Click to launch the FootPrint app
FootPrint is the result of collaboration between CORE studio and our Corporate Sustainability department, who worked together to find out and illustrate how our office operations and building projects impact the environment. The Corporate Sustainability department collects carbon footprint data from all Thornton Tomasetti offices on a number of sustainability indicators, such as how much energy an office uses for heating and cooling, how much waste it produces and how far employees are commuting and by what means. This data collection happens in two-year cycles (with the exception of offices that have relocated, for which we make sure there is a full year of data before including the metrics). We’ve also incorporated Thornton Tomasetti’s Green Champions into the map, who help lead sustainably initiatives within their offices to help put some smiling faces behind all of this hard work.
In parallel to this effort of data colleciton, Thornton Tomasetti has joined the AIA 2030 commitment toward lowering the greenhouse gas emissions associated with the building structures that we design. The Corporate Sustainability department organizes our effort to measure embodied carbon in our projects for reporting to the AIA. As part of the initiative, CORE studio developed a Revit Plugin in 2012 that pulls material quantities from our Revit models and enters this information into a database. To date, we have over 200 buildings in the database and are continually adding more. This dataset is now being used to set benchmarks and to help us get a better understanding of the correlation between our structures and the impact they have on the environment.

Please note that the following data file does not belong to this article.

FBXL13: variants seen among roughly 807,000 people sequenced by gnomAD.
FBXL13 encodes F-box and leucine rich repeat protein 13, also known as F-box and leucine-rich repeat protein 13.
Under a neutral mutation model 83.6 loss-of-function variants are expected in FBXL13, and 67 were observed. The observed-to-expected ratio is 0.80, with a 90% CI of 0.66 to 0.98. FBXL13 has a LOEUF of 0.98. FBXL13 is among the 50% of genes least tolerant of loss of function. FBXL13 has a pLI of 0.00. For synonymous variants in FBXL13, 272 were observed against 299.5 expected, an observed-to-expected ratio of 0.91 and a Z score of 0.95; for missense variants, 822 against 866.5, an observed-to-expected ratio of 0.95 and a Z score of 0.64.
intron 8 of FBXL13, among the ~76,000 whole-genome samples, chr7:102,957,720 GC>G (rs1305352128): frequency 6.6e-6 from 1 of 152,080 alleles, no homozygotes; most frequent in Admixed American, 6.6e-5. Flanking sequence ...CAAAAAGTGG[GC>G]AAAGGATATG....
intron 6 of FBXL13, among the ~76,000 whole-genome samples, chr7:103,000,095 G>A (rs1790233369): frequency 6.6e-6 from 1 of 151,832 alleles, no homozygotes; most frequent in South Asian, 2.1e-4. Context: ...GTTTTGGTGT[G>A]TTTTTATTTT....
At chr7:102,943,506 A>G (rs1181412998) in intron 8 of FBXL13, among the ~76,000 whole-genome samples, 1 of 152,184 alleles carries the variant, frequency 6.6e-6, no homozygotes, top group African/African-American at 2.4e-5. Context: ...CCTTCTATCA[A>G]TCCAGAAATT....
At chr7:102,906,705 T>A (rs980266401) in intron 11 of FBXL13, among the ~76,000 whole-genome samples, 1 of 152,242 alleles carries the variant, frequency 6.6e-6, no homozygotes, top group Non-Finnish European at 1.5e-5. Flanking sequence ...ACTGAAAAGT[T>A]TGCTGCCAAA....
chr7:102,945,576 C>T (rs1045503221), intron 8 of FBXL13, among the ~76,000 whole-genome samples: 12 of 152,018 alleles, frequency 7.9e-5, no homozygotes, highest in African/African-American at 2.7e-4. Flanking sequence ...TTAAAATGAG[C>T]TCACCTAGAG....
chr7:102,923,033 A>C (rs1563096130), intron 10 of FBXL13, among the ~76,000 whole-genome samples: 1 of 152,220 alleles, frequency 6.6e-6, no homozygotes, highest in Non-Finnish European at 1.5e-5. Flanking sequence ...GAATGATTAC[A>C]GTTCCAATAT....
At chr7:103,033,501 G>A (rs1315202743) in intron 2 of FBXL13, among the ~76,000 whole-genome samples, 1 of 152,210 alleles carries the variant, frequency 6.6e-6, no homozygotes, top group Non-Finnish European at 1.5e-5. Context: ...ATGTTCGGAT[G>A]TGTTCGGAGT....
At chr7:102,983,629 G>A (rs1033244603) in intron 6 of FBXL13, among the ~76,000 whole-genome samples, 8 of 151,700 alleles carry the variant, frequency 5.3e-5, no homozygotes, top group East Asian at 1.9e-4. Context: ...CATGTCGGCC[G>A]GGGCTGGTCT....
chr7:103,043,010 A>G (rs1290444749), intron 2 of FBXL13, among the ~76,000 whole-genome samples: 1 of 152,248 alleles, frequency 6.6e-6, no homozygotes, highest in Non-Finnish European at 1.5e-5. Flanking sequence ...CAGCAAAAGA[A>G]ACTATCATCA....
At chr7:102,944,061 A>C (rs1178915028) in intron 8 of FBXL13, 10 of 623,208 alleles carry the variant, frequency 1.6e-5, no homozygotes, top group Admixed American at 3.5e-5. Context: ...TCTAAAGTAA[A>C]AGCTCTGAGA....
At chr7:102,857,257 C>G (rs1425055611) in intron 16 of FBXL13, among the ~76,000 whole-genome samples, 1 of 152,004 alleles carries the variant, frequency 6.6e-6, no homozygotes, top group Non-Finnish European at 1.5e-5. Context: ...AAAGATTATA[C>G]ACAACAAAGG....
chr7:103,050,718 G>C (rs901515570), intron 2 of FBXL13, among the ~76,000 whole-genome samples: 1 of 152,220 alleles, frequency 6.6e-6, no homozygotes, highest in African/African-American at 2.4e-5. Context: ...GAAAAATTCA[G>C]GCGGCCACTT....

A screenshot of the Carbon Calculator Revit Plugin for extracting material quantities to be added into the building carbon database
The embodied carbon of structural projects from 2011 – 2013 by market sector
The FootPrint map wasn’t created just to help make the results of this data collection more transparent within Thornton Tomasetti, but to also make the information available to the public. The map itself is built on a variety of CORE studio’s favorite web libraries, including google maps, google charts, and dat.gui.
The latest round of research funding has been awarded by Thornton Tomasetti’s R&D group, and staffers in several offices and practices are hard at work on bringing these new ideas to life. Projects underway include several sustainability analysis tools, a computer language training program for technical staff and a study on the implications of performance-based wind engineering.
These projects were based on proposals submitted to Thornton Tomasetti’s Innovation Suggestion Box, which was launched last year. Funding for these research proposals allows Thornton Tomasetti employees to spend time outside of billable projects to develop unique ideas to improve operations across the firm. In a sense, the R&D initiative gives us a little breathing room to think big.
Anyone in the firm can propose a research project, with submissions collected approximately once every quarter. In addition to getting resources allocated for their projects, employees whose proposals are selected also receive an iPad mini.
Illuminance study for the Hudson Yards Culture Shed.
We are excited to announce that our own Integration Applications Developer Mostapha Roudsari has recently released Honeybee, his second plugin for environmental analysis, as well as a new version of Ladybug!